The ongoing criminal investigation of Los Angeles County Assessor John Noguez, on allegations that he lowered tax assessments on property owners in return for campaign contributions, divides Californians into two camps.
The first, and larger, is made up of all those who, having come of age since the 1978 passage of Proposition 13, will greet the news by asking, “What is an assessor?” The second camp, the graying and dwindling cohort of Californians who predate that famous property tax initiative, will nod sagely and muse, “Ah, yes, the Crooked Assessor. That’s how it all began.”
Before Prop 13, county tax assessors mattered. Before a previous generation of voters locked tax policy into constitutional amber, the property tax was set community by community, in decisions of local officials elected through the ordinary tug and pull of democratic politics.
If you owned a house or business property, your property tax bill was the product of two factors: 1) the tax rates set by your city, county, and school district; and 2) the value the assessor put on your property. Even if the city council or school board raised the tax rate, your tax bill might not go up as fast if the assessor, using his discretion, held down the assessed value of your house or factory.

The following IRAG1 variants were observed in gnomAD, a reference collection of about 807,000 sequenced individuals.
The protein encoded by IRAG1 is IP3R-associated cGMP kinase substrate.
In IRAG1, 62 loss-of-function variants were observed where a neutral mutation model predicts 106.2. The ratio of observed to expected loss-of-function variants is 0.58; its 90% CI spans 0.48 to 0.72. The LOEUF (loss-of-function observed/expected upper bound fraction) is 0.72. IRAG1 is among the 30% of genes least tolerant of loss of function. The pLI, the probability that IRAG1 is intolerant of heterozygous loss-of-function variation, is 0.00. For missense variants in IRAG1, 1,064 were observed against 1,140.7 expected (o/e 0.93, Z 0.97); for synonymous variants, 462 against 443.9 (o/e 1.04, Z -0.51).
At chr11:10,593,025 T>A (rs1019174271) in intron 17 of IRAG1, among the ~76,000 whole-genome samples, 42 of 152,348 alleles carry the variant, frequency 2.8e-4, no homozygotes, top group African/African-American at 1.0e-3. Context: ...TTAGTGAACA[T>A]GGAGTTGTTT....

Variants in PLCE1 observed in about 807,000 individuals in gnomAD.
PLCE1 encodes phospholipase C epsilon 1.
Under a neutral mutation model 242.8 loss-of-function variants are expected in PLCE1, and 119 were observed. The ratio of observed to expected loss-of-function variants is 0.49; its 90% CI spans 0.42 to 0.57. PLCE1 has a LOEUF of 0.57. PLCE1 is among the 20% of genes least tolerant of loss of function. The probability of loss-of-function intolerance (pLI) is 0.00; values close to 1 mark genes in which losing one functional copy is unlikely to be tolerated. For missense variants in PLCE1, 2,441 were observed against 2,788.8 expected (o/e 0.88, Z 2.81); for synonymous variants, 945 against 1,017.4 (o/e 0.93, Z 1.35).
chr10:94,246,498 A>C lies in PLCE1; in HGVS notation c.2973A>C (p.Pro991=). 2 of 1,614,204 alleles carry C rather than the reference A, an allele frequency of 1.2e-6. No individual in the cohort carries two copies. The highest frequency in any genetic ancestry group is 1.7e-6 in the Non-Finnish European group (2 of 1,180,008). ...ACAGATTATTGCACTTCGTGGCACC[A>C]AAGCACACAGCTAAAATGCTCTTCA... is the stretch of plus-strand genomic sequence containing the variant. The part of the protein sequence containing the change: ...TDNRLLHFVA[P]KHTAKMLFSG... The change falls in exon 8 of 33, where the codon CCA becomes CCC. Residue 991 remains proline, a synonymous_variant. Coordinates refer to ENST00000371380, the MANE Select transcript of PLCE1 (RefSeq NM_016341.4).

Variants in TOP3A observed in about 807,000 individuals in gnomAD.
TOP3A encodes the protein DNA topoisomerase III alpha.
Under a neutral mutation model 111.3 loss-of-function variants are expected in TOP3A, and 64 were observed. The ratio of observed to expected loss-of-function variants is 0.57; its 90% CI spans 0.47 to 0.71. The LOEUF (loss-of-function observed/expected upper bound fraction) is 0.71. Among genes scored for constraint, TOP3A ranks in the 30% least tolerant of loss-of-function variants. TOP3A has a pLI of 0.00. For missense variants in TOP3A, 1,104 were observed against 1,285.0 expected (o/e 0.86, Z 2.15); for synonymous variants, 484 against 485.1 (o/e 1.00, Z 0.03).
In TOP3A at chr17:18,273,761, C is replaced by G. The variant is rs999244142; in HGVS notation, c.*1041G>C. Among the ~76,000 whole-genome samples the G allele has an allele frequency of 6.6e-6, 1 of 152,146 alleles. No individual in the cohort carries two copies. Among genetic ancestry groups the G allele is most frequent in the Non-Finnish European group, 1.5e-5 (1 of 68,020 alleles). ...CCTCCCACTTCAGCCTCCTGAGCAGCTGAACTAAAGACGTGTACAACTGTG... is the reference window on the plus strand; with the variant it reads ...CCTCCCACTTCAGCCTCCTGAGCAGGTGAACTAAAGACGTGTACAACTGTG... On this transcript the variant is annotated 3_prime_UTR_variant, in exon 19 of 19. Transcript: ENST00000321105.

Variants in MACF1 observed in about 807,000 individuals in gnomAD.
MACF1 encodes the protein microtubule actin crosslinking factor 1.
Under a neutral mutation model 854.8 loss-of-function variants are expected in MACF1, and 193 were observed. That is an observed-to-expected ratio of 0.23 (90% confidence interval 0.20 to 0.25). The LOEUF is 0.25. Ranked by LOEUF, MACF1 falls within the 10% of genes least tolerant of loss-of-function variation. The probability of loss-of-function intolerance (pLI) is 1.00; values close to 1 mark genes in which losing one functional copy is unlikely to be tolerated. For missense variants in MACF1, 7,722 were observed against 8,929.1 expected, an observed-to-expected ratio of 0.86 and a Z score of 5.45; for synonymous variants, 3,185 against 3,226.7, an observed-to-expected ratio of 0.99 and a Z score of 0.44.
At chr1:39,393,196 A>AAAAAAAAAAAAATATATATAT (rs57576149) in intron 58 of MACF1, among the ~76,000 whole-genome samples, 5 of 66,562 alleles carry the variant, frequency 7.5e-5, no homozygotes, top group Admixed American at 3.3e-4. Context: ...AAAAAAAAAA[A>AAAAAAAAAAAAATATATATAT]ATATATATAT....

And that is what assessors did. In California’s great post-World War boom, assessors up and down the state used their discretion to shelter homeowners from a gale of rising home prices and property tax rates.
As 10 million Californians became 20 million, all those new people needed roads and police and parks and teachers and schools. “I don’t think that they’ve built a new schoolhouse in Brooklyn in the last 20 years,” the Los Angeles County assessor explained in 1957. “But we’ve got to build a new one every week.”
Local elected officials, needing property tax revenue to pay for those public goods, had to raise tax rates. They also pushed hard on assessors to produce higher assessments as homes and businesses climbed in value.